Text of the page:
## Time:

## Venue:

- A-201 (STCS Seminar Room)

## Organisers:

**Abstract: **Computing and maintaining shortest paths is a fundamental problem in computer science. We consider two ways of succinctly representing shortest paths in graphs: (i) distance-preserving subgraphs, and (ii) parametric shortest paths. In this talk, we will survey our results on these topics. In particular, we will present the following two results in detail.

(i) Given a graph with $k$ special vertices (called terminals), a distance-preserving subgraph of it is a subgraph which has the same pairwise distances between the terminals as in the original graph. We prove that every interval graph with $k$ terminals has a distance-preserving subgraph with $O(k \log k)$ vertices of degree three or more. We also prove that this bound is tight.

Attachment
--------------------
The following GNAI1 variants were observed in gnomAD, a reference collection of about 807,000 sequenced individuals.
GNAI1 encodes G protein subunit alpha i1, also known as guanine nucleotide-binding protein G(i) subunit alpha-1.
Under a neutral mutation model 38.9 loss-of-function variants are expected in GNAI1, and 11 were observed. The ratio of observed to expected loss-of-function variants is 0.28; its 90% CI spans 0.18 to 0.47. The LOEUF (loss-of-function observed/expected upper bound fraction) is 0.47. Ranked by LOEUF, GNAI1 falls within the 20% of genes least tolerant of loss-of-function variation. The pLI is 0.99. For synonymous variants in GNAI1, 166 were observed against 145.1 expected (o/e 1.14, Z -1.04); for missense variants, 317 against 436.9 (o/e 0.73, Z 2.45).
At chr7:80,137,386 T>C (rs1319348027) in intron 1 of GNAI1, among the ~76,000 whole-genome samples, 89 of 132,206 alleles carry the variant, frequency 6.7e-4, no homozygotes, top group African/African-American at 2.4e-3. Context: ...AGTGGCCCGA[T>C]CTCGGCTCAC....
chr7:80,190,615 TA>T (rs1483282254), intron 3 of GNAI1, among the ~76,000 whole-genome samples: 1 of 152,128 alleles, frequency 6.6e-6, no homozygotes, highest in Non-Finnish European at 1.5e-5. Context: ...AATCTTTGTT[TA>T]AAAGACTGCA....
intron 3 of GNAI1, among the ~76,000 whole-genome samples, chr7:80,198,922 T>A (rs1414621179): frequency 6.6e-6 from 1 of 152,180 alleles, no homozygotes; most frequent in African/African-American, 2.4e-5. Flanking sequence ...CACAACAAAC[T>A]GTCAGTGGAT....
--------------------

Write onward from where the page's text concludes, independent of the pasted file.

(ii) Given a graph with two special vertices $s$ and $t$, and edge weights that vary linearly with a parameter $\lambda$, the parametric shortest path complexity of the graph is the number of times the shortest $s$-$t$ path changes as $\lambda$ varies from $-\infty$ to $+\infty$. We construct a family of planar graphs $(G_n: n\geq 4)$, where $G_n$ has $n$ vertices, such that the parametric shortest path complexity of $G_n$ is $n^{\Omega(\log n)}$. This refutes a conjecture of Nikolova (2009).